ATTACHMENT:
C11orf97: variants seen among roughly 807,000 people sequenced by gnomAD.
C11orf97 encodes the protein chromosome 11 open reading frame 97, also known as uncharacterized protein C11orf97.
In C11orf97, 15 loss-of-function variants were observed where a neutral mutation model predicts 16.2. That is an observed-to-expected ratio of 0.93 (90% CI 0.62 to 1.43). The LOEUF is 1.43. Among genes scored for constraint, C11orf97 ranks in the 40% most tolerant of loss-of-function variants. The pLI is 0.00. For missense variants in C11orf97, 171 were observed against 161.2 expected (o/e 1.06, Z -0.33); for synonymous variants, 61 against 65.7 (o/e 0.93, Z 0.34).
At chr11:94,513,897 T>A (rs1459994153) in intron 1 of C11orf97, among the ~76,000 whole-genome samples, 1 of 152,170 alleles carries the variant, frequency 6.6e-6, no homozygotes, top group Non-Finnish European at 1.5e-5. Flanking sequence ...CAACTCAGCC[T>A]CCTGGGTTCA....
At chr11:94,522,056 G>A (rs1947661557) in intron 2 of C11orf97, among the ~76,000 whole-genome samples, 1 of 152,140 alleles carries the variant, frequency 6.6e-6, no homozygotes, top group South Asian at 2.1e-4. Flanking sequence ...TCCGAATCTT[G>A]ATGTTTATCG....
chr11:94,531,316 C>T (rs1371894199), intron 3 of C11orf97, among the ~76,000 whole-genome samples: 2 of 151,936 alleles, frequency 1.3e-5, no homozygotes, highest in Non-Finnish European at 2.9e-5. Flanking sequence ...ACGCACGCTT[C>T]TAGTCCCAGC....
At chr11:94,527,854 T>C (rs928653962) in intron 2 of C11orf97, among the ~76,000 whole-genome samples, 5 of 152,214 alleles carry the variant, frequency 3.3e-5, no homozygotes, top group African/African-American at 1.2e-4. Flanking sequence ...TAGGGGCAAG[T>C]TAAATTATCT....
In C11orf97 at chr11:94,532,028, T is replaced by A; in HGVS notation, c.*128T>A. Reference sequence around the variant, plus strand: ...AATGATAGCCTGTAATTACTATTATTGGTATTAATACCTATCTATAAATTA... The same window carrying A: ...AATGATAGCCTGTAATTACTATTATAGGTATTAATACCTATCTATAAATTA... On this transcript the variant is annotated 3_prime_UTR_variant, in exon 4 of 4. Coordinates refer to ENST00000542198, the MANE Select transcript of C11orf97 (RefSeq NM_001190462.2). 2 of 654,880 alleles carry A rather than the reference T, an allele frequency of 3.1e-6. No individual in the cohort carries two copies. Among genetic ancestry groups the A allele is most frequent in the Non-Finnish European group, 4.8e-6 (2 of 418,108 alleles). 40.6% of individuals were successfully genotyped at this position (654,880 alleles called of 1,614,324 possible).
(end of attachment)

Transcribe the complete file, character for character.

C11orf97: variants seen among roughly 807,000 people sequenced by gnomAD.
C11orf97 encodes the protein chromosome 11 open reading frame 97, also known as uncharacterized protein C11orf97.
In C11orf97, 15 loss-of-function variants were observed where a neutral mutation model predicts 16.2. That is an observed-to-expected ratio of 0.93 (90% CI 0.62 to 1.43). The LOEUF is 1.43. Among genes scored for constraint, C11orf97 ranks in the 40% most tolerant of loss-of-function variants. The pLI is 0.00. For missense variants in C11orf97, 171 were observed against 161.2 expected (o/e 1.06, Z -0.33); for synonymous variants, 61 against 65.7 (o/e 0.93, Z 0.34).
At chr11:94,513,897 T>A (rs1459994153) in intron 1 of C11orf97, among the ~76,000 whole-genome samples, 1 of 152,170 alleles carries the variant, frequency 6.6e-6, no homozygotes, top group Non-Finnish European at 1.5e-5. Flanking sequence ...CAACTCAGCC[T>A]CCTGGGTTCA....
At chr11:94,522,056 G>A (rs1947661557) in intron 2 of C11orf97, among the ~76,000 whole-genome samples, 1 of 152,140 alleles carries the variant, frequency 6.6e-6, no homozygotes, top group South Asian at 2.1e-4. Flanking sequence ...TCCGAATCTT[G>A]ATGTTTATCG....
chr11:94,531,316 C>T (rs1371894199), intron 3 of C11orf97, among the ~76,000 whole-genome samples: 2 of 151,936 alleles, frequency 1.3e-5, no homozygotes, highest in Non-Finnish European at 2.9e-5. Flanking sequence ...ACGCACGCTT[C>T]TAGTCCCAGC....
At chr11:94,527,854 T>C (rs928653962) in intron 2 of C11orf97, among the ~76,000 whole-genome samples, 5 of 152,214 alleles carry the variant, frequency 3.3e-5, no homozygotes, top group African/African-American at 1.2e-4. Flanking sequence ...TAGGGGCAAG[T>C]TAAATTATCT....
In C11orf97 at chr11:94,532,028, T is replaced by A; in HGVS notation, c.*128T>A. Reference sequence around the variant, plus strand: ...AATGATAGCCTGTAATTACTATTATTGGTATTAATACCTATCTATAAATTA... The same window carrying A: ...AATGATAGCCTGTAATTACTATTATAGGTATTAATACCTATCTATAAATTA... On this transcript the variant is annotated 3_prime_UTR_variant, in exon 4 of 4. Coordinates refer to ENST00000542198, the MANE Select transcript of C11orf97 (RefSeq NM_001190462.2). 2 of 654,880 alleles carry A rather than the reference T, an allele frequency of 3.1e-6. No individual in the cohort carries two copies. Among genetic ancestry groups the A allele is most frequent in the Non-Finnish European group, 4.8e-6 (2 of 418,108 alleles). 40.6% of individuals were successfully genotyped at this position (654,880 alleles called of 1,614,324 possible).